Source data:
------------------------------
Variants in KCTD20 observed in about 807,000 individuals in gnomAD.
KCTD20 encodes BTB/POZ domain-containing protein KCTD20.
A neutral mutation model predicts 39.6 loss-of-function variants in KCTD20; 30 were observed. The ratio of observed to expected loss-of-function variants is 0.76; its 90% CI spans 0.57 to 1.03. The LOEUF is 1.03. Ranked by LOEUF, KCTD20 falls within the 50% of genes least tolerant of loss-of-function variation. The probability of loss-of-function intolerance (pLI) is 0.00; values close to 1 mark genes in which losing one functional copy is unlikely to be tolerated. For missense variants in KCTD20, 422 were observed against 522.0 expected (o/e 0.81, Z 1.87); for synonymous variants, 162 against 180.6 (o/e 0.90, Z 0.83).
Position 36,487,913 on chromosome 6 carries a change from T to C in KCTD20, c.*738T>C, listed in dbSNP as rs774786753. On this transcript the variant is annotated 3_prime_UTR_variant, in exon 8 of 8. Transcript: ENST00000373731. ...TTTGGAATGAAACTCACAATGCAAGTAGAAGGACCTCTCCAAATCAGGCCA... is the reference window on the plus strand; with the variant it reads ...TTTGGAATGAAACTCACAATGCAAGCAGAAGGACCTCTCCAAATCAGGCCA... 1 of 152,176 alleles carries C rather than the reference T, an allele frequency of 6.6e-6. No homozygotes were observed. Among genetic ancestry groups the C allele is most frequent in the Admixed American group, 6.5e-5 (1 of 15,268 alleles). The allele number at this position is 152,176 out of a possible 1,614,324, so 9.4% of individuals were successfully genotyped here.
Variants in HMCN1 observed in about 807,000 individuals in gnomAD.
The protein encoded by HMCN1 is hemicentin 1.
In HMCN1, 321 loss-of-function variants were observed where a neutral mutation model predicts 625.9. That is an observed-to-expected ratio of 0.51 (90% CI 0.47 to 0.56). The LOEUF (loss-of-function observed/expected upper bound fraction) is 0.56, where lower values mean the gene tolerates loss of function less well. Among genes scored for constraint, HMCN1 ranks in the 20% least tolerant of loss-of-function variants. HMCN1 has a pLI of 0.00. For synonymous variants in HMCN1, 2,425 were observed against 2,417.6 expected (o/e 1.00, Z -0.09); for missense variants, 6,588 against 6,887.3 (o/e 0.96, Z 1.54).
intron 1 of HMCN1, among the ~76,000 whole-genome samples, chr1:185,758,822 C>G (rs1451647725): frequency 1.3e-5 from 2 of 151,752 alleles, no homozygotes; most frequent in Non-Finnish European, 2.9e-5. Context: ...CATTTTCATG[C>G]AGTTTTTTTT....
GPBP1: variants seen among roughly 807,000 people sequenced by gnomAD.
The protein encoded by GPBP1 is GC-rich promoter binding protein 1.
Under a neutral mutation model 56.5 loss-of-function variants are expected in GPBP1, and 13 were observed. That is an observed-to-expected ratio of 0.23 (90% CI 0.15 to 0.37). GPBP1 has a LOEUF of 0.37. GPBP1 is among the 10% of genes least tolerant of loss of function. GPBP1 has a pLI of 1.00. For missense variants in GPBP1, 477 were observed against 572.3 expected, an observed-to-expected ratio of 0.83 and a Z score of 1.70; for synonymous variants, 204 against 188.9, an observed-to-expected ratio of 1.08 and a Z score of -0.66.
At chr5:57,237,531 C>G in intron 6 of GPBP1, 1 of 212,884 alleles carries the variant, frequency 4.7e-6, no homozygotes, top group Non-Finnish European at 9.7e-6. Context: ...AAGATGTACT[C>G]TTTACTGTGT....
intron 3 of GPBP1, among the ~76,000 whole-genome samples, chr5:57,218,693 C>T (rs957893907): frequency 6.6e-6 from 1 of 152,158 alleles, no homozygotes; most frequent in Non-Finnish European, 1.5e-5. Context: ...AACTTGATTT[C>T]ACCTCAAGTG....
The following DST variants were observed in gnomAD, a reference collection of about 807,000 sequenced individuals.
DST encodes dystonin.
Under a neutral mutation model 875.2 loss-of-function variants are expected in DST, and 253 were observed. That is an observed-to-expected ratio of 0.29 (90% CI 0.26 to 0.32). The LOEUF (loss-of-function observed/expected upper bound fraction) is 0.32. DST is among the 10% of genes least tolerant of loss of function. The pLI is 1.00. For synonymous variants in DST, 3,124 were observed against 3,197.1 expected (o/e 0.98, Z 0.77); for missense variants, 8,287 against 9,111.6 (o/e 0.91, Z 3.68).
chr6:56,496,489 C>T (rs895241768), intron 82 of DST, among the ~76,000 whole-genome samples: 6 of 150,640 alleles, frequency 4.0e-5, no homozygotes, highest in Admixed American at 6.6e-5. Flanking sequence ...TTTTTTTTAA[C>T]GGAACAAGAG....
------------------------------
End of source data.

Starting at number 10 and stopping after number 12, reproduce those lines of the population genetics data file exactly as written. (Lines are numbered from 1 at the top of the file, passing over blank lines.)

The protein encoded by GPBP1 is GC-rich promoter binding protein 1.
Under a neutral mutation model 56.5 loss-of-function variants are expected in GPBP1, and 13 were observed. That is an observed-to-expected ratio of 0.23 (90% CI 0.15 to 0.37). GPBP1 has a LOEUF of 0.37. GPBP1 is among the 10% of genes least tolerant of loss of function. GPBP1 has a pLI of 1.00. For missense variants in GPBP1, 477 were observed against 572.3 expected, an observed-to-expected ratio of 0.83 and a Z score of 1.70; for synonymous variants, 204 against 188.9, an observed-to-expected ratio of 1.08 and a Z score of -0.66.
At chr5:57,237,531 C>G in intron 6 of GPBP1, 1 of 212,884 alleles carries the variant, frequency 4.7e-6, no homozygotes, top group Non-Finnish European at 9.7e-6. Context: ...AAGATGTACT[C>G]TTTACTGTGT....